• Personal Emergency Leave. All employers now must comply with this leave which allows employees up to ten days of job protected PEL in each calendar year; the first two days of PEL are to be with pay. This amendment comes into force January 1, 2018.

 

  • Doctors Notes. During the PEL the employer is prohibited from requesting doctor’s notes. After the ten day period, you may ask for a note.

 

  • Scheduling Restrictions. You will have time to prepare for these changes however Bill 148 introduces a number of restrictions on how employers can change the working hours of an employee on short notice. This includes on call, call ins, shift changes and the ability for employees to request a change to his or her work schedule or location. These amendments come into force January 1, 2019.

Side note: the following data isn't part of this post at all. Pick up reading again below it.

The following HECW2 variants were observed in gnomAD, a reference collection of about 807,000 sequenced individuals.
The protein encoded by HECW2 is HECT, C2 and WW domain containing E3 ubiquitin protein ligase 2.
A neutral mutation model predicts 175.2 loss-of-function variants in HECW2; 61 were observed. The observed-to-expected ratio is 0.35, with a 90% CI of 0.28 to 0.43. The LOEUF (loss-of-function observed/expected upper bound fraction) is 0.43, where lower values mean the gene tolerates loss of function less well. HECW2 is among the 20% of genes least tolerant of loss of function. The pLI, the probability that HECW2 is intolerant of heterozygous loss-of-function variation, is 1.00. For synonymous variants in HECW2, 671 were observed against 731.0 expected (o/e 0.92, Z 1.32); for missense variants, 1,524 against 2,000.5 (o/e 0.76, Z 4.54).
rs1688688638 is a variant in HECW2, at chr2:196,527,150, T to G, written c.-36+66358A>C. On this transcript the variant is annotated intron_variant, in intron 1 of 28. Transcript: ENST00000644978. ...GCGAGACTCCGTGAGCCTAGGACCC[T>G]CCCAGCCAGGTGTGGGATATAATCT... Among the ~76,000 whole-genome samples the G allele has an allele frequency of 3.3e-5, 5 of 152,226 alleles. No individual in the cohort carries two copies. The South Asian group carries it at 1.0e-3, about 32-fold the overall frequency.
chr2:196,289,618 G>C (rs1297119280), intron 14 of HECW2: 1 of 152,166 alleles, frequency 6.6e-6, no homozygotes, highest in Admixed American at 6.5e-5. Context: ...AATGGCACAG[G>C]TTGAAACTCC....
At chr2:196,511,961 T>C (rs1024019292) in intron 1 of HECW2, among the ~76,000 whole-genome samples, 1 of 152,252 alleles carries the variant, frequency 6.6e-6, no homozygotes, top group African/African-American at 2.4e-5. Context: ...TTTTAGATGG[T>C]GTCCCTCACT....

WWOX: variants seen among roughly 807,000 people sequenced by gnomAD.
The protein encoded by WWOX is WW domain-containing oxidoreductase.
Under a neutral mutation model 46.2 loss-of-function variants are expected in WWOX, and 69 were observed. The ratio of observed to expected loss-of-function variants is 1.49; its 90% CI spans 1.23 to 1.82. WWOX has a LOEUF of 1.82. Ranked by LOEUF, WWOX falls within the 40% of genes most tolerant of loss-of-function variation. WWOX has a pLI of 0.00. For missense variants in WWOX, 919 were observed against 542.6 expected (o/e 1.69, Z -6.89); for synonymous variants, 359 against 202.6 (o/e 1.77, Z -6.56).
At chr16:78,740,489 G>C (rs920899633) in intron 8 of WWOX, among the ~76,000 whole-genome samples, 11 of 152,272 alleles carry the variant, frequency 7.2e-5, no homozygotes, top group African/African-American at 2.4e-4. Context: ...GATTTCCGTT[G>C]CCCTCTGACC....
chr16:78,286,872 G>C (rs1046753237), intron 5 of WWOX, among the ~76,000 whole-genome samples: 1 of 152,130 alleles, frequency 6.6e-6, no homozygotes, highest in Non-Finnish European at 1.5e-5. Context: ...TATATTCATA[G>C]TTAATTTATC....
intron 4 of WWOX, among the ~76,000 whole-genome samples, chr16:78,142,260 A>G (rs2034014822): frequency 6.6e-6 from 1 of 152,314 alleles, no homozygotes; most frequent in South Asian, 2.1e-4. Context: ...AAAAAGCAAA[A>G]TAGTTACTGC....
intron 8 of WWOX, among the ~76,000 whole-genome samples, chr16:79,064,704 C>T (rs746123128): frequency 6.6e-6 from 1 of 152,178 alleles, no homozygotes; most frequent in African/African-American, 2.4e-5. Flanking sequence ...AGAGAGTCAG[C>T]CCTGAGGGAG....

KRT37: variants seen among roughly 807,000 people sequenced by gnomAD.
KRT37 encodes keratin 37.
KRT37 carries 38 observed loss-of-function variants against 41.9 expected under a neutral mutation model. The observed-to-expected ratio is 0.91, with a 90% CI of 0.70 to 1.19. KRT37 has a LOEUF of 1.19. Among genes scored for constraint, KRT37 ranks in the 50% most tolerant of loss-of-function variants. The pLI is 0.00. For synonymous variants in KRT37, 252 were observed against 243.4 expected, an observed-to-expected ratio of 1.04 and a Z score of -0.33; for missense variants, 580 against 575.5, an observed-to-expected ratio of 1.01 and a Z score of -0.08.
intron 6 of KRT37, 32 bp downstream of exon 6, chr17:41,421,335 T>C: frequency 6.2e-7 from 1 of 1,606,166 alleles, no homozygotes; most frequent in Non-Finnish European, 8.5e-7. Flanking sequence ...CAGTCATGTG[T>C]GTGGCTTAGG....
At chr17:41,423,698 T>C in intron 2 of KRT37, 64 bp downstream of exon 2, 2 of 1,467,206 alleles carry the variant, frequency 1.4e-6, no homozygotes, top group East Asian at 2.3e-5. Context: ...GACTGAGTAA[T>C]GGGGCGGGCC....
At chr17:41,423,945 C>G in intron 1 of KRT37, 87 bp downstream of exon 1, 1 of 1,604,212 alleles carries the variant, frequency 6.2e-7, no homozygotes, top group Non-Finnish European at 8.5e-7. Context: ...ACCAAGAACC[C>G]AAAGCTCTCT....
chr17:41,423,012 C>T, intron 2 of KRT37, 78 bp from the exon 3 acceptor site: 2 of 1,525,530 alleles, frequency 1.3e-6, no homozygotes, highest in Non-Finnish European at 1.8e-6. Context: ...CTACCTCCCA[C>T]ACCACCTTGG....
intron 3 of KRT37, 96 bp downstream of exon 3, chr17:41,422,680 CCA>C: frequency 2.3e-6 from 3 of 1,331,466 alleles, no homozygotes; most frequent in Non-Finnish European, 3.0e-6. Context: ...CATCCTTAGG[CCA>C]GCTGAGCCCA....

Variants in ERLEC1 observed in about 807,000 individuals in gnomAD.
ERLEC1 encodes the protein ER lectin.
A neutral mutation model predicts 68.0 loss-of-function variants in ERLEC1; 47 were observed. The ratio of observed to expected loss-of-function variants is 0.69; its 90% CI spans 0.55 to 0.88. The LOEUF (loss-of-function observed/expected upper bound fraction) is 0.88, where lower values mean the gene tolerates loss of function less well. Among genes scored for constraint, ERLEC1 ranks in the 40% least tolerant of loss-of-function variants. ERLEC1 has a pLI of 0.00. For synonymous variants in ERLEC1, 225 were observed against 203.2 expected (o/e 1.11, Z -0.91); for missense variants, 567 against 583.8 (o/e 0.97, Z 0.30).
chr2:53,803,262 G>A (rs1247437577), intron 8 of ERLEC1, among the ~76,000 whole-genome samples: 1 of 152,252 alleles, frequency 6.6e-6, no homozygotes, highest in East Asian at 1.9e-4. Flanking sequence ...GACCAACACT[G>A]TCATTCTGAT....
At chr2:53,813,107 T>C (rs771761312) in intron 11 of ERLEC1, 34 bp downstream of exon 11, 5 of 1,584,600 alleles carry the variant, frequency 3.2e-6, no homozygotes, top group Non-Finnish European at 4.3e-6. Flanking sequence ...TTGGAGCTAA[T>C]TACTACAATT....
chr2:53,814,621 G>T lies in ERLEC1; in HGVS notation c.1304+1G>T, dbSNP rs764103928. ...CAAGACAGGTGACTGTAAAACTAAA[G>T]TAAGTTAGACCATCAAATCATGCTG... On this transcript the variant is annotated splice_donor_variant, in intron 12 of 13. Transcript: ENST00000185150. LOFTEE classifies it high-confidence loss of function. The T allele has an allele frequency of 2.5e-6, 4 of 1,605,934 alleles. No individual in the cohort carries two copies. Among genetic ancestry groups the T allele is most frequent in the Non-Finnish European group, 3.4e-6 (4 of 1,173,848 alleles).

• After five years of employment with the same employer, an employee will be entitled to three weeks of vacation time and 6% vacation pay. Most employer vacation policies may not meet this new standard. This amendment comes into force January 1, 2018.

 

  • Public Holiday Pay. The new calculation may be a windfall for many employees who do not work full schedules. The calculation is now “the wages paid to the employee in the pay period prior to the public holiday, divided by the days worked in that pay period”. This amendment comes into force January 1, 2018.

 

  • Pregnancy Leave. An employee will be able to take up to 12 weeks of unpaid pregnancy leave in the case of a stillbirth or miscarriage, an increase from the existing entitlement of 6 weeks. This amendment comes into force January 1, 2018.